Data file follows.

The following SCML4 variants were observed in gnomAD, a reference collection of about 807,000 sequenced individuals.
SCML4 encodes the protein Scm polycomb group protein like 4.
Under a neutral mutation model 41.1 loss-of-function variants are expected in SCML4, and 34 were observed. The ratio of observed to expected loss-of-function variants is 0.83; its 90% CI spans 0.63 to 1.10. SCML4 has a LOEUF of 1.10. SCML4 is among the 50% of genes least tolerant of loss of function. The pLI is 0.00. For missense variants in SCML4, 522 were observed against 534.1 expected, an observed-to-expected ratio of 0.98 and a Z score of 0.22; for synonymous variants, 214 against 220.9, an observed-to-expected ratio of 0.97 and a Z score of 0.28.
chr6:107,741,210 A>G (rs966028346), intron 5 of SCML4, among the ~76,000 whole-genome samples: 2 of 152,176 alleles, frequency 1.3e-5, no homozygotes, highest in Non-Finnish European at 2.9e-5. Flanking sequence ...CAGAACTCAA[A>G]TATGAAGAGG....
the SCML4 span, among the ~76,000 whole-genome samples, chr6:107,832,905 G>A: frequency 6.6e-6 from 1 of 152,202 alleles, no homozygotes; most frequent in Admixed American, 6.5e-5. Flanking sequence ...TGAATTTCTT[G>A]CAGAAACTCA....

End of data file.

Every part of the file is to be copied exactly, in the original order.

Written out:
The following SCML4 variants were observed in gnomAD, a reference collection of about 807,000 sequenced individuals.
SCML4 encodes the protein Scm polycomb group protein like 4.
Under a neutral mutation model 41.1 loss-of-function variants are expected in SCML4, and 34 were observed. The ratio of observed to expected loss-of-function variants is 0.83; its 90% CI spans 0.63 to 1.10. SCML4 has a LOEUF of 1.10. SCML4 is among the 50% of genes least tolerant of loss of function. The pLI is 0.00. For missense variants in SCML4, 522 were observed against 534.1 expected, an observed-to-expected ratio of 0.98 and a Z score of 0.22; for synonymous variants, 214 against 220.9, an observed-to-expected ratio of 0.97 and a Z score of 0.28.
chr6:107,741,210 A>G (rs966028346), intron 5 of SCML4, among the ~76,000 whole-genome samples: 2 of 152,176 alleles, frequency 1.3e-5, no homozygotes, highest in Non-Finnish European at 2.9e-5. Flanking sequence ...CAGAACTCAA[A>G]TATGAAGAGG....
the SCML4 span, among the ~76,000 whole-genome samples, chr6:107,832,905 G>A: frequency 6.6e-6 from 1 of 152,202 alleles, no homozygotes; most frequent in Admixed American, 6.5e-5. Flanking sequence ...TGAATTTCTT[G>A]CAGAAACTCA....